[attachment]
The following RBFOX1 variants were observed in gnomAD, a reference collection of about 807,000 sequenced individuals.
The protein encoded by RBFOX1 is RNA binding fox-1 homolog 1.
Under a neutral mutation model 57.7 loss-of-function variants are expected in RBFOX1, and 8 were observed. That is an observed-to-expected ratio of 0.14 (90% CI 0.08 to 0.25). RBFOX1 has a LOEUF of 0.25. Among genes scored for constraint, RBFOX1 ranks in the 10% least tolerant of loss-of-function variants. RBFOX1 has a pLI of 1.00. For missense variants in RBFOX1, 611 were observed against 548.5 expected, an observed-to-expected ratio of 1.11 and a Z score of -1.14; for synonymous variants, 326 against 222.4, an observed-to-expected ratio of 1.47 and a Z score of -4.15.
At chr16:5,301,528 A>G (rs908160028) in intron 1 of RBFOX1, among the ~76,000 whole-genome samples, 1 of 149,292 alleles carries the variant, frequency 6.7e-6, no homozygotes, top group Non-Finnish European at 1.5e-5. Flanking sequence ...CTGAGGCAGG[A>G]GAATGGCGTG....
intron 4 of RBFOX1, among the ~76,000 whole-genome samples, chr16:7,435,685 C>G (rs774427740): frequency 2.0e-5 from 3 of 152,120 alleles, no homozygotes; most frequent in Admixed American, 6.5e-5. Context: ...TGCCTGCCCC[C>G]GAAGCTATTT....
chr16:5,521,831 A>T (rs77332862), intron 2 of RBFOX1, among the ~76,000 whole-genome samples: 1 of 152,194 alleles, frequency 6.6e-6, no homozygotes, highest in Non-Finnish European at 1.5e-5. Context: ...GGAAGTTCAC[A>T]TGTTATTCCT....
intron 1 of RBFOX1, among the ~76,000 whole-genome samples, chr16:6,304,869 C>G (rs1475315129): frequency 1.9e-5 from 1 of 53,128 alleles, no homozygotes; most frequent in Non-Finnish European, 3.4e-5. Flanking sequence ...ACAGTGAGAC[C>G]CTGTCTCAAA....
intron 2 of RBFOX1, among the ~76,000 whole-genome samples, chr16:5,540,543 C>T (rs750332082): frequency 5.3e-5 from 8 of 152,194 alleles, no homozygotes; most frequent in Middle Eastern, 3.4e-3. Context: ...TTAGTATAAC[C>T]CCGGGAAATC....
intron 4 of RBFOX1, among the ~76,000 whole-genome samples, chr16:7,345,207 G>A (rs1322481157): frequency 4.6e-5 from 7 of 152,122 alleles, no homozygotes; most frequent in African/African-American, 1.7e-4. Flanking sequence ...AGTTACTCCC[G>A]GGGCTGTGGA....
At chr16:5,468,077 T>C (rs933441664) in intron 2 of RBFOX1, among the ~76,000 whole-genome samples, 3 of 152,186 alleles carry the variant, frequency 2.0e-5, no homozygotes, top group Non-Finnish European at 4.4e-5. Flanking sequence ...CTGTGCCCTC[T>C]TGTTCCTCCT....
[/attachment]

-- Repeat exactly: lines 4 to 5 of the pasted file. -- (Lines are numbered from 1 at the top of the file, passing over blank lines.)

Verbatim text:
At chr16:5,301,528 A>G (rs908160028) in intron 1 of RBFOX1, among the ~76,000 whole-genome samples, 1 of 149,292 alleles carries the variant, frequency 6.7e-6, no homozygotes, top group Non-Finnish European at 1.5e-5. Flanking sequence ...CTGAGGCAGG[A>G]GAATGGCGTG....
intron 4 of RBFOX1, among the ~76,000 whole-genome samples, chr16:7,435,685 C>G (rs774427740): frequency 2.0e-5 from 3 of 152,120 alleles, no homozygotes; most frequent in Admixed American, 6.5e-5. Context: ...TGCCTGCCCC[C>G]GAAGCTATTT....